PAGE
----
Agriculture and forestry have transformed much of Europe – but truly wild places still exist!
Researchers from the Geography Department of Humboldt-Universität zu Berlin led the creation of the first map of Europe’s last wild forests, including more than 1.4 million hectares in 34 European countries. “It is not that these forests were never touched by man, this would be hard to believe in Europe” explains Dr Francesco Maria Sabatini, lead author of the study. “Still, these are forests where there are no clearly visible indications of human activities, maybe because blurred by decades of non-intervention, and where the ecological processes follow a natural dynamics”. The compilation of the map was a huge task, according to the authors. “We contacted hundreds of forest scientists, experts and NGO activists from all over Europe asking to share information on where to find such forests in their country. Without their direct engagement we could have never been able to build our database, which is the most comprehensive ever compiled for Europe”. The study, recently published in the journal Diversity & Distributions, highlights that primary forests in Europe are generally very rare, located in remote areas, and fragmented into small patches. “The European landscape is the result of millennia of human activities, so it is not surprising that only a small fraction of our forests are still substantially undisturbed” explains Prof Tobias Kuemmerle (HU), also an author of the study. “Although such forests only correspond to a tiny fraction of the total forest area in Europe,” he continues, “they are absolutely outstanding in terms of their ecological and conservation value. Primary forests are the only places where many endangered species occur, and scientists consider them as natural laboratories for understanding people’s impact on forest ecosystems. Knowing where these rare forests are is therefore extremely important, but until this study no unified map existed for Europe.”
The preservation of primary forest cannot taken for granted, not even in Europe
The study also shows that the preservation of primary forest cannot be taken for granted, not even in Europe. The majority of these forests are small, fragmented, and interspersed in human-dominated landscapes, which makes them particularly prone to human disturbance. Even if the majority (89%) of the primary forest mapped is in protected areas, a high fraction (54%) is currently not under strict protection. This means that, at least in some European countries, timber harvesting or salvage logging may jeopardize the untouched nature of these forests. “Wide patches of primary forest are being currently logged in many mountain areas, for instance in Romania and Slovakia or in some Balkan countries. A soaring demand for bio-energy coupled with high rates of illegal logging, are leading to the destruction of this irreplaceable natural heritage, often without even understanding that the forest being cut is primary,” said Prof Miroslav Svoboda, University of Life Science in Prague (CZ), and co-author of the study. “Ironically” he proceeds “in many cases logging is even done legally, also within national parks. Primary forests have an exceptional value, both environmental and cultural, and preserving their integrity should be a priority of any EU environmental strategies.”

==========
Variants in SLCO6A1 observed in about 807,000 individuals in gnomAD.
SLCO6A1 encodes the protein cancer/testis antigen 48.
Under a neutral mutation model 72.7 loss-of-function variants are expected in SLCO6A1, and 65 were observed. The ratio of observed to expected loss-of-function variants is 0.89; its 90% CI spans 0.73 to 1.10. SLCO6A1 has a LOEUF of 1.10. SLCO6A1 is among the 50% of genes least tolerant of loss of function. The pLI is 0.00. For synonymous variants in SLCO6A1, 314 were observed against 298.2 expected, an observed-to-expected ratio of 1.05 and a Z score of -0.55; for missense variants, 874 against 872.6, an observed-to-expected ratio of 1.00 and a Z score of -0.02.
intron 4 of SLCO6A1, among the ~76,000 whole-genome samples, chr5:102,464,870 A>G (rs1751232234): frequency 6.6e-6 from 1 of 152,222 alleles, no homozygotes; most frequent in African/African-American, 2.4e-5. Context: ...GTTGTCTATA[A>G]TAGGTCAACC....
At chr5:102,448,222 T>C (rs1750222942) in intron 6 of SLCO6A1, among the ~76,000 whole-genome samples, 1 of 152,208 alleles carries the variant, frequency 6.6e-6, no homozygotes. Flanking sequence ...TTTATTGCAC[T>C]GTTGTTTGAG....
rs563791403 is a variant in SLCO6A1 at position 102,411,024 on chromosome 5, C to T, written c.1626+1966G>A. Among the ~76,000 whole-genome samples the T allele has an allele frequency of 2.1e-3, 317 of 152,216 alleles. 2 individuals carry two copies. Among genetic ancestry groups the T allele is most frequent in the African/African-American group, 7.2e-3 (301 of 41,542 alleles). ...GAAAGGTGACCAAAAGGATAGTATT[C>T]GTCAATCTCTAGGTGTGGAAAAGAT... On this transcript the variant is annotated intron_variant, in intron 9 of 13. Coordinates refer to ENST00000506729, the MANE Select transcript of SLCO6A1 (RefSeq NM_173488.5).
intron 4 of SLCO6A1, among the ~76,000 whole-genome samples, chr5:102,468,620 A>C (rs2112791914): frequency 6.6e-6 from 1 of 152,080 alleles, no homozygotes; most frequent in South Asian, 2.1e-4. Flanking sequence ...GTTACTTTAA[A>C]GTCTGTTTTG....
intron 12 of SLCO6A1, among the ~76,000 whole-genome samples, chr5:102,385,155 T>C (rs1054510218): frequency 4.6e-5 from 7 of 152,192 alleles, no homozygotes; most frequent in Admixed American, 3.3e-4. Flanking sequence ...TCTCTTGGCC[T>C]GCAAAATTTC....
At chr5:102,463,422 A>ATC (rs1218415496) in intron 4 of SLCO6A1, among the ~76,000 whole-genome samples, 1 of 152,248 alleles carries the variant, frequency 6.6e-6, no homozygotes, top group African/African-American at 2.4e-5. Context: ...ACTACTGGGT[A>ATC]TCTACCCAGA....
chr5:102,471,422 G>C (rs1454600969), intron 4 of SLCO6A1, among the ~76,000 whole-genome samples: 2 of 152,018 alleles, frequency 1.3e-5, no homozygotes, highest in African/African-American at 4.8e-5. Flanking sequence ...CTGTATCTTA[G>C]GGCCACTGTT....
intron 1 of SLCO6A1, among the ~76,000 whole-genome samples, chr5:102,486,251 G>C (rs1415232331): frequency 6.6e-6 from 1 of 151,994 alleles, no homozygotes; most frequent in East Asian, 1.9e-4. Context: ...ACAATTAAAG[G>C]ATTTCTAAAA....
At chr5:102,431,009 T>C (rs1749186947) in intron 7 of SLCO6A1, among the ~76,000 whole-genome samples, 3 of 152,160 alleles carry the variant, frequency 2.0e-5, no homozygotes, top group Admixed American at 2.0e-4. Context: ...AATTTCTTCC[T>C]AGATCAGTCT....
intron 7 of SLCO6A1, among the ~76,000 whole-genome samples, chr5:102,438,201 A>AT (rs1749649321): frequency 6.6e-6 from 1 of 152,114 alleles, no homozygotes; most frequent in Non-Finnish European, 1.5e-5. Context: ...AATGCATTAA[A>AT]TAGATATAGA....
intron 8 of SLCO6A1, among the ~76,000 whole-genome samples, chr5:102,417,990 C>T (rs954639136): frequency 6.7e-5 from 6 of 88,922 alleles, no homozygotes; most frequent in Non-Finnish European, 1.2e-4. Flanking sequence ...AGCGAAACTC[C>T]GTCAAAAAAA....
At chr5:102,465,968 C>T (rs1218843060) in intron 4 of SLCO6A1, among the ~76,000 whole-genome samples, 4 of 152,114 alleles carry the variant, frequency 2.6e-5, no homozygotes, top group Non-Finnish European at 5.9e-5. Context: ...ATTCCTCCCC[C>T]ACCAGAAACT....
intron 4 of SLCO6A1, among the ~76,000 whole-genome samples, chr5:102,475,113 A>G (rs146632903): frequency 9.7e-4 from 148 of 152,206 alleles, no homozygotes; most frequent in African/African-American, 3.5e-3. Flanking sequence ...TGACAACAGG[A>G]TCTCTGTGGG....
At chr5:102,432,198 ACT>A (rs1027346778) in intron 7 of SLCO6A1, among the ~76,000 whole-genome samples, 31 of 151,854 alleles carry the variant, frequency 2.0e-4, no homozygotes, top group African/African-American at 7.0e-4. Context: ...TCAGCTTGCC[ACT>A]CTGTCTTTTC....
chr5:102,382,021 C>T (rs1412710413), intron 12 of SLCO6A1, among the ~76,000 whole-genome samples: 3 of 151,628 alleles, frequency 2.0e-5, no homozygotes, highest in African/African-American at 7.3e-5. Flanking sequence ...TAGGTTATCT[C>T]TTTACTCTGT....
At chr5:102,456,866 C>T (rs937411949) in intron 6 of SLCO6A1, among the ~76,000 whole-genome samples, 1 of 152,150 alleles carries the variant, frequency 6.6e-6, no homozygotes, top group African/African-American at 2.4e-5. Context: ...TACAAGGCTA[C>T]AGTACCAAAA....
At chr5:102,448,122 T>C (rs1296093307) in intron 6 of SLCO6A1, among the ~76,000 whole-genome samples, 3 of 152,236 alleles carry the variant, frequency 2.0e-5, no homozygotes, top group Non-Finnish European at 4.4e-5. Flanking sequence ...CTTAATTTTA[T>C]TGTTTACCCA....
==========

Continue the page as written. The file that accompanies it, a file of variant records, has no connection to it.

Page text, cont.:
Mapping for protecting, mapping for restoring
But how can the map just published help protecting primary forests? “We clearly demonstrated that the distribution of remaining primary forest is the result of centuries of land use and forest management,” said Dr Sabatini. In his view, understanding the anthropogenic pressures behind the current distribution of primary forests can inform protection and restoration efforts.
“Interestingly, we used the map to calibrate a model highlighting areas where land-use pressure is low, so to predict where other patches of primary forest not yet mapped are likely to occur. Even if these areas will prove, in the end, devoid of primary forest, still these are areas where restoration initiatives may have relatively low opportunity-costs”.
Funding and support:
The work has received funding from the European Union’s Horizon 2020 research and innovation programme under the Marie
Sklodowska-Curie grant agreement No 658876.
The project is entitled: ‘Co-Benefits and Conflicts between CO2 sequestration and biodiversity conservation in European Forests’
(FORESTS and CO) and received support of the European Forest Institute (EFI) under the Programme ‘Sustainability and Climate
Change’, the Vegetation Science Group of Masaryk University (Brno, CZ), and the Rubenstein School of Environment and Natural Resources (University of Vermont, USA).
Sabatini, F. M., S. Burrascano, W. S. Keeton, C. Levers, M. Lindner, F. Pötzschner, P. J. Verkerk, J. Bauhus, E. Buchwald, O. Chaskovsky, N. Debaive, F. Horváth, M. Garbarino, N. Grigoriadis, F. Lombardi, I. M. Duarte, P. Meyer, R. Midteng, S. Mikac, M. Mikolas, R. Motta, G. Mozgeris, L. Nunes, M. Panayotov, P. Ódor, A. Ruete, B. Simovski, J. Stillhard, M. Svoboda, J. Szwagrzyk, O.-P. Tikkanen, R. Volosyanchuk, T. Vrska, T. M. Zlatanov, and T. Kuemmerle. 2018. Where are Europe’s last primary forests? Diversity and Distributions. DOI: STILL TO RECEIVE
Link to the study: STILL TO RECEIVE
Link to the project: https://www.geographie.hu-berlin.de/en/professorships/biogeography/projects/forests
Link to Research blog: https://forestsandco.wordpress.com/
Figure 1 – Wide stretches of primary forest, as in Uholka National Park (Ukraine) are incredibly rare in Europe. (Photo F.M.Sabatini)
Figure 2 – The high heterogeneity of primary forests sustains high levels of biodiversity. Gran Sasso National Park (Italy).(Photo F.M.Sabatini)